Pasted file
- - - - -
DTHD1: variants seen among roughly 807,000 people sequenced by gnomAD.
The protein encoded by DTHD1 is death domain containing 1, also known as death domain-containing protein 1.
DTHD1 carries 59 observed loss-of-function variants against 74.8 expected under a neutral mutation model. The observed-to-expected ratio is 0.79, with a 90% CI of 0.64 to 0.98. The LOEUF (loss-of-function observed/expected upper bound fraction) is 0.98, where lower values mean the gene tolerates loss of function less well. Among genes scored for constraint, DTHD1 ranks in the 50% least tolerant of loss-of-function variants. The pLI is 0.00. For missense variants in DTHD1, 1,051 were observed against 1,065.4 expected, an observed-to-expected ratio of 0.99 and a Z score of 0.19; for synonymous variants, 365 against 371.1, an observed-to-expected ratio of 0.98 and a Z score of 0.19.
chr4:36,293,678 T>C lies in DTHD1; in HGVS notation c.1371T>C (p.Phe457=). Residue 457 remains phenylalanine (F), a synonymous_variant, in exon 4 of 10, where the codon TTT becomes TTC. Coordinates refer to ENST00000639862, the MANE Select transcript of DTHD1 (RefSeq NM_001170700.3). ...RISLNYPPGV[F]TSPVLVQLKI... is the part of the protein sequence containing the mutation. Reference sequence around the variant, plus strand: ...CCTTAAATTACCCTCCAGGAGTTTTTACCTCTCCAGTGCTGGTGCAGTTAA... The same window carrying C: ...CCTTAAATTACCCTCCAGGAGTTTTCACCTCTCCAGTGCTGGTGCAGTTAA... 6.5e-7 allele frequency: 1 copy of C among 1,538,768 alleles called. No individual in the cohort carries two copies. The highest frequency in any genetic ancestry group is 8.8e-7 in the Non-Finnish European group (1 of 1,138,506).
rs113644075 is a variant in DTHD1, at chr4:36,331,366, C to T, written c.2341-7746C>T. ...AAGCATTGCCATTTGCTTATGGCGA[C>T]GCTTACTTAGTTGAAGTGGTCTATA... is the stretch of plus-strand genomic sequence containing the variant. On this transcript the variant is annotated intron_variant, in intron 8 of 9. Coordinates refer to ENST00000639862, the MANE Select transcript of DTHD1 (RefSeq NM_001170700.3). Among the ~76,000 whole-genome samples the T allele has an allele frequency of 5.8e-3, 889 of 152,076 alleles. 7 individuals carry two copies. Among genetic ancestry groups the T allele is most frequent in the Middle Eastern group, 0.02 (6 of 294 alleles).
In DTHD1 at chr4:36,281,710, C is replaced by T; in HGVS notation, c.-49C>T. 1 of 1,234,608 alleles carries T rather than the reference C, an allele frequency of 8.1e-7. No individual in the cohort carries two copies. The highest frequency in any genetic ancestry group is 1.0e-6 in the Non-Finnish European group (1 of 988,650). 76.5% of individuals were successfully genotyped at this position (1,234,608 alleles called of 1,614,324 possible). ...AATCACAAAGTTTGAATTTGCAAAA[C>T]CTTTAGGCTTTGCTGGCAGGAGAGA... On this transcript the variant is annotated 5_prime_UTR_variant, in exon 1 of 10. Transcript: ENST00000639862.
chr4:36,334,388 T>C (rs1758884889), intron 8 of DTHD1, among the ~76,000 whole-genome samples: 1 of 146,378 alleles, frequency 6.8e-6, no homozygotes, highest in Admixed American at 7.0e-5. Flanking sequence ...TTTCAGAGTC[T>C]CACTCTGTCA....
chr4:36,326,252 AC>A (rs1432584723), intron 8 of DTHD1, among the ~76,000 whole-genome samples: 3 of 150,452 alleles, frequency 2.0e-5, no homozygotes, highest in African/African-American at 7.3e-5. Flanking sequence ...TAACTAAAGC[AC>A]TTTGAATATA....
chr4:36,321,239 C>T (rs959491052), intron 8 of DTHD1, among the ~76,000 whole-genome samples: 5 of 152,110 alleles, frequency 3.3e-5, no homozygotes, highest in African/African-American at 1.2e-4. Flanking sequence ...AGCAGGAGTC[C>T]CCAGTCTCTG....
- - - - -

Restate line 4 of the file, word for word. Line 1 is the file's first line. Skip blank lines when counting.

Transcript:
chr4:36,293,678 T>C lies in DTHD1; in HGVS notation c.1371T>C (p.Phe457=). Residue 457 remains phenylalanine (F), a synonymous_variant, in exon 4 of 10, where the codon TTT becomes TTC. Coordinates refer to ENST00000639862, the MANE Select transcript of DTHD1 (RefSeq NM_001170700.3). ...RISLNYPPGV[F]TSPVLVQLKI... is the part of the protein sequence containing the mutation. Reference sequence around the variant, plus strand: ...CCTTAAATTACCCTCCAGGAGTTTTTACCTCTCCAGTGCTGGTGCAGTTAA... The same window carrying C: ...CCTTAAATTACCCTCCAGGAGTTTTCACCTCTCCAGTGCTGGTGCAGTTAA... 6.5e-7 allele frequency: 1 copy of C among 1,538,768 alleles called. No individual in the cohort carries two copies. The highest frequency in any genetic ancestry group is 8.8e-7 in the Non-Finnish European group (1 of 1,138,506).